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Wellspring of Life, and Cash?

December 27, 2010

It looks like, for every Christmas, there’s a scrooge.  In this case, it’s looking to be municipal governments.  Hey, are you a not-for-profit with some property?  Gee, sorry about all those years we said we wouldn’t tax you… now we’re going to do it.

Houston’s taxpayers in November narrowly voted to adopt a “drainage fee” to raise at least $125 million a year toward the cost of improving roads and storm-water systems. The city will charge fees to property owners, and it won’t grant exceptions to churches, schools and charities.

The city has been tightening its budget. “We’re cutting up the city’s credit cards,” says Mayor Annise Parker. “Everyone who contributes to drainage issues has to share in the cost of correcting those issues.”

The article’s a treat.  This isn’t just one city working the new coffers.  Here are a couple other examples, but go read the whole thing for a full download:

Some cities are charging religious groups property taxes on buildings no longer used for worship. Other localities are soliciting voluntary contributions. Albany, N.Y., recently passed an ordinance asking schools, hospitals and other nonprofits to contribute to city services.

In Minneapolis, residents recently began paying a street-light fee that also applies to nonprofits, which in some places pay fees for elevator safety and fire inspection.

It’s the city governments suddenly realizing that they need more money, and then they also noticed that there was un untapped source.  However, the general solution is rife with problems.  First, there’s a long expectation that non-profit organizaitons are exempt, and many plan their budgets in that manner.  While some have extra cash, quite a few are barely scraping by. So when a warehouse or an office space suddenly becomes a cost center they didn’t expect… well, that’s a big budget problem.

Next, most people will only get unhappy about cities looking for new ways to soak them, and there will be grief for whatever they find.  If it sucks more out of their favorite charity, or someone who would normally help the community in another way, then there will be some repurcussions back to the government.  The article cites several cities that got pushback and had to drop similar measures.   Admittedly, this probably affects most people less than a direct hit on their own taxes, but it’s not good news in any way.

And really… are city budgets so bad that they need to take the lunch money from the little kid even the bullies won’t pick on?  You really have to wonder how long it’s going to take before someone, somewhere in a government agency decides that it’s really time to just start taking the painful cuts.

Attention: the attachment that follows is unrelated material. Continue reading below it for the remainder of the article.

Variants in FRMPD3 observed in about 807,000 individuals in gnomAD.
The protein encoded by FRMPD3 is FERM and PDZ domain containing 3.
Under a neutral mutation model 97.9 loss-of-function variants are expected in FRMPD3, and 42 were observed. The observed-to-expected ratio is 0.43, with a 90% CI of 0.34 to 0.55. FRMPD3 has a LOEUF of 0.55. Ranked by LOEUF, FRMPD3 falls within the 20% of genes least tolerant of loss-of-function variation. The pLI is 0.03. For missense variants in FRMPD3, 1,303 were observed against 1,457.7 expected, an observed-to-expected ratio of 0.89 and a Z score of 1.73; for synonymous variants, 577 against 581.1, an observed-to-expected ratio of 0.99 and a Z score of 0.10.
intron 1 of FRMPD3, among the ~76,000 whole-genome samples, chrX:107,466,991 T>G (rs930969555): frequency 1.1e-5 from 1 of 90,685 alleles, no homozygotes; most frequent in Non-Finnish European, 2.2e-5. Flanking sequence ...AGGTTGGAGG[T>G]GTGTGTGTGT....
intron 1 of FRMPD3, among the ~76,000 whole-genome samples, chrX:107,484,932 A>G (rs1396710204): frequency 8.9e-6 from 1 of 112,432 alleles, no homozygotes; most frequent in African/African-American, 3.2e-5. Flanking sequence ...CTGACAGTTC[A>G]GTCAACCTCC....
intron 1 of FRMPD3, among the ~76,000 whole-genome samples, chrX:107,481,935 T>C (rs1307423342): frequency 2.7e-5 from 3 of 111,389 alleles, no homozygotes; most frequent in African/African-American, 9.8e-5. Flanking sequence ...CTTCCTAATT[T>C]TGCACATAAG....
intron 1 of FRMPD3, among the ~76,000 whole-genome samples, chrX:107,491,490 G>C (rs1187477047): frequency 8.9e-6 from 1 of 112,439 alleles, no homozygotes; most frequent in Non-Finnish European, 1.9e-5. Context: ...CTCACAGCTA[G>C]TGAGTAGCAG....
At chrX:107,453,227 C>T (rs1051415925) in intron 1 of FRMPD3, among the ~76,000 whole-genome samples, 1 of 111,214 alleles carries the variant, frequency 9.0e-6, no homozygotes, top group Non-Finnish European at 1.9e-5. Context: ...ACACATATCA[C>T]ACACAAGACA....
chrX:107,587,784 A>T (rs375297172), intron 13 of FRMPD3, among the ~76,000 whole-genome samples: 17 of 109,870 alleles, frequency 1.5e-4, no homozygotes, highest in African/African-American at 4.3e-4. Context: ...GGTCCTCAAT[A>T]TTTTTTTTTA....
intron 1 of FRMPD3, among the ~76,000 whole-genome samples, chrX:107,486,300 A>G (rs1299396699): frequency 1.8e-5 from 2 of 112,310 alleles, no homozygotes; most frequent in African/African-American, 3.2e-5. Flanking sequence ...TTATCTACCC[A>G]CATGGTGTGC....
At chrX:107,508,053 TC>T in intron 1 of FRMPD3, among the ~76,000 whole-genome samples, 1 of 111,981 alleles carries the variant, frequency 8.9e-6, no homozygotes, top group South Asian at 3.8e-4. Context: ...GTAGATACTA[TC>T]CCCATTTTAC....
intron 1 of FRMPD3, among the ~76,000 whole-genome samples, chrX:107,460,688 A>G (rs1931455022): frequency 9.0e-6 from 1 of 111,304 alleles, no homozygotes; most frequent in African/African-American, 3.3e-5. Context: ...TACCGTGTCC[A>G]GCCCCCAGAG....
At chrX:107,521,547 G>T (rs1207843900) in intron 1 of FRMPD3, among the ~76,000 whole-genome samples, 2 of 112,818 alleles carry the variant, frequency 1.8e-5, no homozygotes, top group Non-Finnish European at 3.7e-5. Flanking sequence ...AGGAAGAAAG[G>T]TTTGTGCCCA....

2 Comments leave one →
  1. December 28, 2010 10:06 am

    Mike, that’s a good report. I took this in a slightly different direction, though. NFP’s do end up paying taxes on many things (I’ve had to do tax statements for some in the past), and they do pay employee taxes. I don’t know that having a big cash flow is an issue either, though it depends on whether the cash is flowing or pooling.

    For instance, an organizaiton like Guide Dogs or Canine Companions has a large endowment and pulls in money, but also has a large number of paid employees, large expenses, and takes no government money. But their results aren’t returned to shareholders, they’re used to give people independence. So large cash flow and NFP are not mutually indistinguishable in my mind.

    With all that said, a random tax like I listed above would affect the smaller NFPs before the larger ones. So I’m okay with changing the rules on NFPs, but do it legally and uniformly, and then decide how you’re going to inhibit NFP progress.

  2. Mike permalink
    December 27, 2010 2:45 pm

    I did a study on this in 2008 for California only. There were some startling statistics involved in not-for-profit (NFP) orgs. As memory serves, 85% of them had cash flow of $250k or less and overall assets of $500k or less.

    The other 15%, accounted for cash flow of $120B, that’s right, billion. At the tax rate these businesses in NFP clothing should pay, that’s another $12B a year that should be flowing into government coffers.

    As for the true NFPs, the 85% in California, they should not be taxed as they are pursuing their missions in a means that is consistent with the NFP and tax exempt charters.

    For the others, they are businesses and should pay just like any other business. Don’t care if it’s health care, education, or religion, it’s flagrant abuse of the NFP system.

    So, if the municipals want to take the lead here, I say let them. I’d rather see the $ get collected and used locally in any case.

    Original post with references

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